4.1.3 Divergence detection

A double mass curve analysis was used to detect divergences in the graphed slope of the cumulative annual totals for precipitation versus the cumulative annual total for the baseflow. The double mass curve technique is useful for detecting hydrological changes that may occur due to anthropogenic influence (Choi et al. 2016). The slope of the straight line formed by this proportional relationship represents the relationship between the quantities (Searcy and Hardison 1960), annual precipitation and annual baseflow in this study. A divergence, or a break in the slope, will suggest another variable, potentially the high-capacity well withdrawal rate, is affecting the baseflow rate.

4.1.4 Testing significance of divergence

The data was split at the point of the divergence and the two separate sets of data and their regression slope lines were graphed. The Levene’s test (Levene 1960) available in SPSS Software (IBM) was used to test the homogeneity of the regression slopes. The Levene test was used to test the null hypothesis that the variance of the two sets of data are equal. If the two slopes are different then a covariant (anthropogenic stress) is significantly affecting the independent variable (cumulative baseflow).

Ho:        = = … =

Ha:        ≠     for at least one pair (i,j).

The Levene test rejects the null hypothesis if the test statistic is greater than the critical value at a given significance level.

4.1.5 Spatial analysis

Stream gauging station locations and their baseflow trend over time (percent declining or increasing) was mapped using Arc GIS desktop 10.4 from Environmental Systems Research Institute (ESRI). A second map was created with the stream gauge locations that exhibited a divergence in the regression slope and it also showed the direction of the divergence. The maps were used to examine the spatial distribution of trend direction and divergence direction.

4.2 Characteristics of basins showing significant trends

4.2.1 Surface basin delineation

Basins that exhibited a divergence were also analyzed for soil and topographic characteristics, landcover, and the aquifer type that high-capacity wells in the basin are withdrawing from. Since gauging stations are often situated in the center of WDNR watersheds, the hydrology tools in Arc GIS were used to delineate only the surface area that contributes water to each gauging station. For the surface basin delineation, the digital elevation model (DEM) was obtained from the USGS web site (USGS n.d.). The DEM was filled to eliminate pits, and both flow direction and accumulation were calculated using the Arc GIS tools. Once the flow accumulation had been calculated, the area contributing to the gauging station could then be delineated using the location of the gauging station as the pour point. The delineated basin raster file was then converted to a poly file to be used to clip landcover and topography data. The surface area contributing to each gauging station can contain more than one WDNR watershed, therefore the area affecting baseflow may encompass a different area than the WDNR watershed the gauge is in.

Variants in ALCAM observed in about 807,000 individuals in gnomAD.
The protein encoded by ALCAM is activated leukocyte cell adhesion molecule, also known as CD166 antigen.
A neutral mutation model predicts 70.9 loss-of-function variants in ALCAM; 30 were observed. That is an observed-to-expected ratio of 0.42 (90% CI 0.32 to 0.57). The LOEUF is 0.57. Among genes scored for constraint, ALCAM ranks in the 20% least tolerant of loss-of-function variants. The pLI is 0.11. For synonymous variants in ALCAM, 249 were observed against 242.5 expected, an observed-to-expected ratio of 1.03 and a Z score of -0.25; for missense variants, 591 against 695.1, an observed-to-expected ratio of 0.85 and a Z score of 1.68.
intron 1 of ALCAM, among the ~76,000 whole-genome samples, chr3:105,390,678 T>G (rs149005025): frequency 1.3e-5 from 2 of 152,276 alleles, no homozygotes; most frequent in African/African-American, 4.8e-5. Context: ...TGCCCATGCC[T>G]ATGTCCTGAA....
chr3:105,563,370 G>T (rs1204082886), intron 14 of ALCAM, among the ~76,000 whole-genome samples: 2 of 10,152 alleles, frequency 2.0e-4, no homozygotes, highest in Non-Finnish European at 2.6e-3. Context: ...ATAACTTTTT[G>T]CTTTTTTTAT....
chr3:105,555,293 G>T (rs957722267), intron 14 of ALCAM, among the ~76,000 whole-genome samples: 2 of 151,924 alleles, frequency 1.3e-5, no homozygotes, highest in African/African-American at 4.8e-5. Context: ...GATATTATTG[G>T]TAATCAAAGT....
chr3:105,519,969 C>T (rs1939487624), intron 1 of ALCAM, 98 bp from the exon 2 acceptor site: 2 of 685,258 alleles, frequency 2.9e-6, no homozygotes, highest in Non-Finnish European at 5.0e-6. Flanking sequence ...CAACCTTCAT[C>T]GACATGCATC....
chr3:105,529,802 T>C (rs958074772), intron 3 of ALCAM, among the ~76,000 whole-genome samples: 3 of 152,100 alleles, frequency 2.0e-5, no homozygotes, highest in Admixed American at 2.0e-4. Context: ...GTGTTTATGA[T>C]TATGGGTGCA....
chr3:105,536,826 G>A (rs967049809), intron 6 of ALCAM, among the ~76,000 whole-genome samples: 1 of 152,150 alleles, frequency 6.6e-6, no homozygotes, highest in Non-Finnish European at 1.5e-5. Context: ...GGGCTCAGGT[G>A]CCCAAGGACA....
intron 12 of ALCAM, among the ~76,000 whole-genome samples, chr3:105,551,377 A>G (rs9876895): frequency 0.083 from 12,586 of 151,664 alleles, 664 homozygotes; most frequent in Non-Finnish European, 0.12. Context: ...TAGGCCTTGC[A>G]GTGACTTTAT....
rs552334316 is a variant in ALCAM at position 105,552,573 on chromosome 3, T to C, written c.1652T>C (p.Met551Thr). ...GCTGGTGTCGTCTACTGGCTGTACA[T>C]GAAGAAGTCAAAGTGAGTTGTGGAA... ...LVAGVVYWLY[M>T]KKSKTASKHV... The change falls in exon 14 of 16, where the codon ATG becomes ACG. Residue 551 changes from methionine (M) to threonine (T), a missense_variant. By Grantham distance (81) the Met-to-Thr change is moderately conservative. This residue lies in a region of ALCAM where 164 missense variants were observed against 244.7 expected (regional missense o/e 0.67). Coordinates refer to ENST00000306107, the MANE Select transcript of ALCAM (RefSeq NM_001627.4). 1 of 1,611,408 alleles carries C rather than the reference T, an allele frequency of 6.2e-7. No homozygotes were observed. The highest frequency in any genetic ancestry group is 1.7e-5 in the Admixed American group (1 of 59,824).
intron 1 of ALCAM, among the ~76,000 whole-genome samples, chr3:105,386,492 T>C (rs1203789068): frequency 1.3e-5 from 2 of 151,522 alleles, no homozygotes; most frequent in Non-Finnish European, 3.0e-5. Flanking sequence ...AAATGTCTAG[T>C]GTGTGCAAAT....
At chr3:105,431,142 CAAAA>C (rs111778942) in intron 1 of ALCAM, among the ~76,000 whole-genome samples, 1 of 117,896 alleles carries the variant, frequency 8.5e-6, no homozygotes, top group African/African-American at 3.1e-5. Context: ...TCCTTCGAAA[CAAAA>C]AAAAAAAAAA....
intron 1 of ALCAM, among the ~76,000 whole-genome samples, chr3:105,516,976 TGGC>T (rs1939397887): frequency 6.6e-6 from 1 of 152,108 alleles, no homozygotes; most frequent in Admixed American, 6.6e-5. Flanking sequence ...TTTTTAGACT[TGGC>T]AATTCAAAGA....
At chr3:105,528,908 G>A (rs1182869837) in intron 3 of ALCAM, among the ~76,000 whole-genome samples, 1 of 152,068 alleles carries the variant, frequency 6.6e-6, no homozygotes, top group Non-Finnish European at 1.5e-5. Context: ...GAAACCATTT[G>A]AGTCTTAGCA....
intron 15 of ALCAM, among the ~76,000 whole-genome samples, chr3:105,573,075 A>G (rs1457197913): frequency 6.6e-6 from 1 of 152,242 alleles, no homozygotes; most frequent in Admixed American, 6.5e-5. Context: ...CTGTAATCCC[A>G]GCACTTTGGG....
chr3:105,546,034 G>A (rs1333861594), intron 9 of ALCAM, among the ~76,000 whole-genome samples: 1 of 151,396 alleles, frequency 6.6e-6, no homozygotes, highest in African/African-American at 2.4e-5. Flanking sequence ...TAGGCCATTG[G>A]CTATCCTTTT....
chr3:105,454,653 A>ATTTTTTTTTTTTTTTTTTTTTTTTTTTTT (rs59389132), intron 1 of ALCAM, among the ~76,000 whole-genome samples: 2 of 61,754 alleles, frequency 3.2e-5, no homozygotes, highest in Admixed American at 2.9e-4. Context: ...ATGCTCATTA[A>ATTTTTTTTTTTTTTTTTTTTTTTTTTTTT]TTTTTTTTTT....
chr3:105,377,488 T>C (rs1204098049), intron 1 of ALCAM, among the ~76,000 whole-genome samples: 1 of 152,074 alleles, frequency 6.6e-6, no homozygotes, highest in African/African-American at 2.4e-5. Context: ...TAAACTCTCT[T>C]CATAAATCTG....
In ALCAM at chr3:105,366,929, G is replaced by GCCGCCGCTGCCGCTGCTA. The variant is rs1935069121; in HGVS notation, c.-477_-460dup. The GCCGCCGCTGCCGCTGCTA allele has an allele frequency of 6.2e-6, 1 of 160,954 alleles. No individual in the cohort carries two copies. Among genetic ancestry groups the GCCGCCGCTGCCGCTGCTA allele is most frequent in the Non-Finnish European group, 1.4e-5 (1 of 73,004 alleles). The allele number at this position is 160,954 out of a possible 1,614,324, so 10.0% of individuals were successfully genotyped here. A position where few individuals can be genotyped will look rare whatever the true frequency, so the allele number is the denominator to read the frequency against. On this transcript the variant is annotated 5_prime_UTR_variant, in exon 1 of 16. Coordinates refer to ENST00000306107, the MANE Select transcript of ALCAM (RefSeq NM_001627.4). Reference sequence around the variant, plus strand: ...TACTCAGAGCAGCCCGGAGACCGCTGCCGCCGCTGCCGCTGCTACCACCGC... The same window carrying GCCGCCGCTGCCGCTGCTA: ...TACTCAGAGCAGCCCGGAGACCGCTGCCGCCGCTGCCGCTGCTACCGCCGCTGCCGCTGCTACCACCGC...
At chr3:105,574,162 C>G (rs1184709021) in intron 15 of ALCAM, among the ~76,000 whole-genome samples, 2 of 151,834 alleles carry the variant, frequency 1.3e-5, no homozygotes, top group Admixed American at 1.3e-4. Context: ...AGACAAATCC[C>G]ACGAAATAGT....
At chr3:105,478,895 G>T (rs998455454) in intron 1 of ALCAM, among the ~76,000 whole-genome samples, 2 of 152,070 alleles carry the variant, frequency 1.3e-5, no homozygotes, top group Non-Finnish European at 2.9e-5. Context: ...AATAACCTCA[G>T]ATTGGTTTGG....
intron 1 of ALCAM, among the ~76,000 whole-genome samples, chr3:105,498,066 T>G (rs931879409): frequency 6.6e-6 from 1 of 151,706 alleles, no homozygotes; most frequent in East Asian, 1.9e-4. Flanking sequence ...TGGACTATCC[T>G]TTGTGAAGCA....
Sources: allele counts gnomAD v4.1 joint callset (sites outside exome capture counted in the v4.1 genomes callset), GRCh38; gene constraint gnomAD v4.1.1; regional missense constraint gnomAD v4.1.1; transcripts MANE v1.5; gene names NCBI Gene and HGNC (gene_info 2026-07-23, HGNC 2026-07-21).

4.2.2 Soil characteristic determination

This study also analyzed available water storage (AWS) and soil drainage class (SDC). Previous studies have correlated the percentage of sand in the soil (Santhi et al. 2007) and specific yield (Lorenze and Delin 2007) to variations in stream baseflow. Sand is a texture class of soil that is defined as well drained soil. This study used the percent of well drained or very well drained soil the basin contains. Specific yield is a ratio or percent between the volume of water that will drain by gravity from a saturated soil to the total volume of the soil. This study used AWS which is a measure of the amount of water the soil can hold measured in cm.

Available Water Storage (AWS) was downloaded from the Soil Survey Geographic Database (SSURGO) Downloader (ESRI 2018). AWS is a calculation of the difference between soil water content at field capacity and the permanent wilting point. AWS is then adjusted for salinity and fragments at 4 different depths, the top 25cm, 50cm, 100cm, and 150cm of soil. This study uses the calculation for the top 150 cm of soil, the AWS is measured in cm of water (ESRI. n.d.). The AWS mean value was calculated in ArcGIS for each delineated basin.

Soil drainage class (SDC) was also downloaded from the Soil Survey Geographic Database (SSURG) Downloader (ESRI 2018). SDC is a classification of the drainage condition of the soil in the dominant soil component of the map unit (ESRI, n.d.). The drainage classes are divided into 7 conditions; excessively drained, somewhat excessively drained, well drained, moderately drained, somewhat well drained, somewhat poorly drained, poorly drained, and very poorly drained. The percent of well-drained soil for each clipped area was calculated in ArcGIS.

4.2.3. Landcover and topography determination